By Scott DiSavino
(Reuters) - A nor'easter Wednesday in New York and New Jersey knocked power out for hundreds of thousands of people and slowed utilities' efforts to restore service to more than 600,000 still without power in the wake of Hurricane Sandy.
Still, by early Thursday, utilities companies had electricity flowing again for most of the 300,000 people affected by the nor'easter, and resumed restoration of Sandy-related outages.
More than 671,900 homes and businesses remained without power Thursday morning, a number that includes outages relating to the nor'easter, up from about 626,000 out a day earlier.
Sandy made landfall in New Jersey on October 29, disconnecting power to about 8.48 million customers in 21 states, according to U.S. government data.
New York power company Consolidated Edison Inc said the nor'easter had knocked out electricity to about 55,000 customers in its New York City and Westchester County service area.
When the nor'easter hit, Con Edison said crews were working to restore service to 67,000 customers affected by Hurricane Sandy.
The company said on Thursday morning that crews were still working to restore about 72,000 customers whose equipment could be safely re-energized, and it hoped to have power back for them by November 10.
But some 30,000 Staten Island, Brooklyn and Queens homes whose electrical equipment was damaged by flooding cannot safely get their power back without repairs and an inspection by an electrician, Con Edison said.
On Long Island, New York, the Long Island Power Authority and National Grid PLC said 206,000 homes and businesses were without power Thursday morning, up from about 170,000 a day earlier.
A unit of UK power company National Grid operates the electric system on Long Island for LIPA.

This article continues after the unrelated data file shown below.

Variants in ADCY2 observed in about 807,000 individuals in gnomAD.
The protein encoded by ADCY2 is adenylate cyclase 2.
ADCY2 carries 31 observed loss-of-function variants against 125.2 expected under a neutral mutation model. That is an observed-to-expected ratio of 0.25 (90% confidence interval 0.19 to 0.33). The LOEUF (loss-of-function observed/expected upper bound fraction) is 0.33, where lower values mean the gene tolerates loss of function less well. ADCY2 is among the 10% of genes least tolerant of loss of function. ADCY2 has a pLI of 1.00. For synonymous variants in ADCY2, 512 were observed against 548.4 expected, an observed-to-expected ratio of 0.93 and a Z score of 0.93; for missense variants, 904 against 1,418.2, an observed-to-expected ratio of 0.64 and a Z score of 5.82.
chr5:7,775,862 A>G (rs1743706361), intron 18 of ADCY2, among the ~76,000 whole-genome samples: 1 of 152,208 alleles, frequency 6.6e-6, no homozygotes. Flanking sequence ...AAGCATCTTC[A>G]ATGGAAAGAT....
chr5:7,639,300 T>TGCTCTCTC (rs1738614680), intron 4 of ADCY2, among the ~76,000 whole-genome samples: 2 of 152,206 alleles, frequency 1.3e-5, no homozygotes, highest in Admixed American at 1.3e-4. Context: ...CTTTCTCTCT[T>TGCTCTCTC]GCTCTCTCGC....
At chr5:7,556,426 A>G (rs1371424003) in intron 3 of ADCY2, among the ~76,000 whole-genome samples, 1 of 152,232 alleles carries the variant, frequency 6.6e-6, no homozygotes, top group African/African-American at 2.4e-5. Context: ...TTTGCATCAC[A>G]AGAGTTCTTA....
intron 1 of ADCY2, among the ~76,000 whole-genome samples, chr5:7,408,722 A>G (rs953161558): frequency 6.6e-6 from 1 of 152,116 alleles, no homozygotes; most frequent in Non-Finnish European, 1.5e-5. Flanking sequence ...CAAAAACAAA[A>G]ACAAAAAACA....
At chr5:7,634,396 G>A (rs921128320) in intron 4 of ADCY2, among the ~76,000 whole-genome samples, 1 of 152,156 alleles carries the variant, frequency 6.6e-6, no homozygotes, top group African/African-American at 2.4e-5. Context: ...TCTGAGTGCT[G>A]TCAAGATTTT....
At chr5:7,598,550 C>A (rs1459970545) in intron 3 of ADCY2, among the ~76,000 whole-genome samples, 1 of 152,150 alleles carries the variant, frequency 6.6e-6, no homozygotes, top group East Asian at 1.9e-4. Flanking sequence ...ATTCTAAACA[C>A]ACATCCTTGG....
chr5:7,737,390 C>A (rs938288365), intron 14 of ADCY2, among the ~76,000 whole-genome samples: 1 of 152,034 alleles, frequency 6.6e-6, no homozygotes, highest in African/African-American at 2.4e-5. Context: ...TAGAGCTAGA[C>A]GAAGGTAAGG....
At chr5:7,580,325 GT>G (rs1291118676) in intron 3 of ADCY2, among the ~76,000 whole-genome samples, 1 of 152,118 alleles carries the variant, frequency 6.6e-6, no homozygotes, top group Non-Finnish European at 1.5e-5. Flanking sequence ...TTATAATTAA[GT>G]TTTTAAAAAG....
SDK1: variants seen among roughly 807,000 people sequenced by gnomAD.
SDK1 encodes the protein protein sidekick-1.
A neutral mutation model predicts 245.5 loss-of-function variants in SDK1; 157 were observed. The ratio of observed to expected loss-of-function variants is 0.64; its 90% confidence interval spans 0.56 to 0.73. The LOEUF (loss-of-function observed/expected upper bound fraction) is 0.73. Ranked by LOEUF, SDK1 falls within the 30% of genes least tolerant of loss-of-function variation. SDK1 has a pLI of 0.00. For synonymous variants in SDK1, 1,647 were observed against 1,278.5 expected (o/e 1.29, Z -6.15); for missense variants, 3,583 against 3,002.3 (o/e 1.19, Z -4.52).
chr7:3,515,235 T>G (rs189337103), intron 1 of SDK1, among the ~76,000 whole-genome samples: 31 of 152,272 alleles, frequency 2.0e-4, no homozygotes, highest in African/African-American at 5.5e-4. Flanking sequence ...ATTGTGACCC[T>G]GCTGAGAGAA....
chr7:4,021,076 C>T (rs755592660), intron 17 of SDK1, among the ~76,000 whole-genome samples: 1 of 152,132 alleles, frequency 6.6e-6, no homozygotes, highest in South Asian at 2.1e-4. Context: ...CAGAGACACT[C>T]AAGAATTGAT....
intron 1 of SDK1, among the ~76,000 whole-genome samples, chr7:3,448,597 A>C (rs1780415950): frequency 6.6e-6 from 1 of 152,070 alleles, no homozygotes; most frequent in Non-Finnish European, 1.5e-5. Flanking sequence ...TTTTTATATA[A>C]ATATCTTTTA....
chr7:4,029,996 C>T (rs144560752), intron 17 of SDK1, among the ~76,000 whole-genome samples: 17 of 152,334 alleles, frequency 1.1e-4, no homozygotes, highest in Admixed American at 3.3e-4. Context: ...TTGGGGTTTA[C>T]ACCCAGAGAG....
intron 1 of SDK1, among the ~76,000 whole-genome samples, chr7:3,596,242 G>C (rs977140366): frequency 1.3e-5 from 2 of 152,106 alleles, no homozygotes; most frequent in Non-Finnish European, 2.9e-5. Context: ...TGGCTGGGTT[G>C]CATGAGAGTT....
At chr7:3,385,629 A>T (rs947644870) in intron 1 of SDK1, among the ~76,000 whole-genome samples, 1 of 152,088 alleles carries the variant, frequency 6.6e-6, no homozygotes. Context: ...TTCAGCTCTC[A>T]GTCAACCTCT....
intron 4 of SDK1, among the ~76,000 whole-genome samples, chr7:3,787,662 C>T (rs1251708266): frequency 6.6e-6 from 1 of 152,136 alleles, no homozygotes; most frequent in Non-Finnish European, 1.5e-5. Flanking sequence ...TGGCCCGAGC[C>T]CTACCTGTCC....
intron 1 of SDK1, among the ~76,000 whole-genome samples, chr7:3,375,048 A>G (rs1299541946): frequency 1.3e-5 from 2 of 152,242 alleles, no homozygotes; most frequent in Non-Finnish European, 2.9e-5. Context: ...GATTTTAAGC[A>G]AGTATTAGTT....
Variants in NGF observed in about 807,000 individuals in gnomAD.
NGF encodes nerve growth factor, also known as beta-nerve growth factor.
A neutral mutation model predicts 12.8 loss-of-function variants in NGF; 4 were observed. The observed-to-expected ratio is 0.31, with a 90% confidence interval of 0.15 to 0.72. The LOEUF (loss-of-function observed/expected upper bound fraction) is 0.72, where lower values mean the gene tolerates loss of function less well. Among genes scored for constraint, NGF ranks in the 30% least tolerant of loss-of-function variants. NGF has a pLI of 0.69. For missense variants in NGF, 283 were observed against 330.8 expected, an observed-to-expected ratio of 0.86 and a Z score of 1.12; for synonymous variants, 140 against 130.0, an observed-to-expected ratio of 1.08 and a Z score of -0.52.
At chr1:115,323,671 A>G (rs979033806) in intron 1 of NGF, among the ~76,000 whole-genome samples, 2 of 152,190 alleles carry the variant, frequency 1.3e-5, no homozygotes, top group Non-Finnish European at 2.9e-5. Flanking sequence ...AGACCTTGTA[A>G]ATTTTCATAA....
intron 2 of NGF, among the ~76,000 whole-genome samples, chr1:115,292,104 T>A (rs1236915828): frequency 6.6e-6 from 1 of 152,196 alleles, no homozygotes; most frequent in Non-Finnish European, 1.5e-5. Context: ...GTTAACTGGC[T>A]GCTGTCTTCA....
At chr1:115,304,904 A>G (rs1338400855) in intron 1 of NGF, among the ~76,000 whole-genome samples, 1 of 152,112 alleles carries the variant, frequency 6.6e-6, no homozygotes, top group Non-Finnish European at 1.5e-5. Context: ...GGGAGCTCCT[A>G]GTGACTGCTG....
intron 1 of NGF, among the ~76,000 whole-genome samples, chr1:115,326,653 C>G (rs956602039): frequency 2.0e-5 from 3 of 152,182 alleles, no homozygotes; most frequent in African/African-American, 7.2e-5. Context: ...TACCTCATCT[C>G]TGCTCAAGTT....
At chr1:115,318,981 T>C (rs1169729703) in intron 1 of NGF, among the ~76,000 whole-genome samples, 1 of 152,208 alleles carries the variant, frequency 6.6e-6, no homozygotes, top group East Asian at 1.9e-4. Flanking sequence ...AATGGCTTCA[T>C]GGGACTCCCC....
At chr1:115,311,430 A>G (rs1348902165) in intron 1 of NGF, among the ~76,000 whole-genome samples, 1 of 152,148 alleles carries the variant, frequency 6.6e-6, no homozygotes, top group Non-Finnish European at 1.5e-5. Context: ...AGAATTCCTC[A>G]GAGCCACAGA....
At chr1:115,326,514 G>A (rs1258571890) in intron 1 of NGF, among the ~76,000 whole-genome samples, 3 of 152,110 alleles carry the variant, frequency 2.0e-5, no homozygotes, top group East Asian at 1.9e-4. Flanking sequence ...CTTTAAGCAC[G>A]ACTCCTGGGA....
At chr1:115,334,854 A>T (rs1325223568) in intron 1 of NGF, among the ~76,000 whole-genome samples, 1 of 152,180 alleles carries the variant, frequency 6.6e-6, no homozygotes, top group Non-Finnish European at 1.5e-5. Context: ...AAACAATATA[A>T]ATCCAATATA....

Because of flood damage from Hurricane Sandy's tidal surge, LIPA and National Grid said electricians had to inspect and possibly repair about 100,000 homes on the South Shore of the island before they could turn on the power.
As the nor'easter was bearing down on Long Island, LIPA and National Grid executives had said Wednesday that they hoped to have restored about 90 percent of those able to take power by the end of that day.
"We were on track to make that 90 percent, but due to the nor'easter, we did not make it," LIPA spokesman Mark Gross said.
He said the nor'easter had caused 123,000 new outages.
"The plan now is to assess this new damage as fast as possible, give as much priority as we possibly can for restoration to those customers affected by Sandy and also come up with a more detailed level of restoration dates for our customers," Gross said.
The other power company hard hit by the nor'easter was FirstEnergy Corp's Jersey Central Power and Light in New Jersey, which had more than 237,000 customers out Thursday morning, up from about 175,000 out a day earlier.
Before the nor'easter, JCP&L had said it expected to restore service to all of the Sandy-related outages by Saturday.
Ron Morano, a spokesman for JCP&L, told Reuters the company was assessing the damage from the nor'easter and would know later Thursday if it would impact the restoration estimates.
(Editing by Bernadette Baum)
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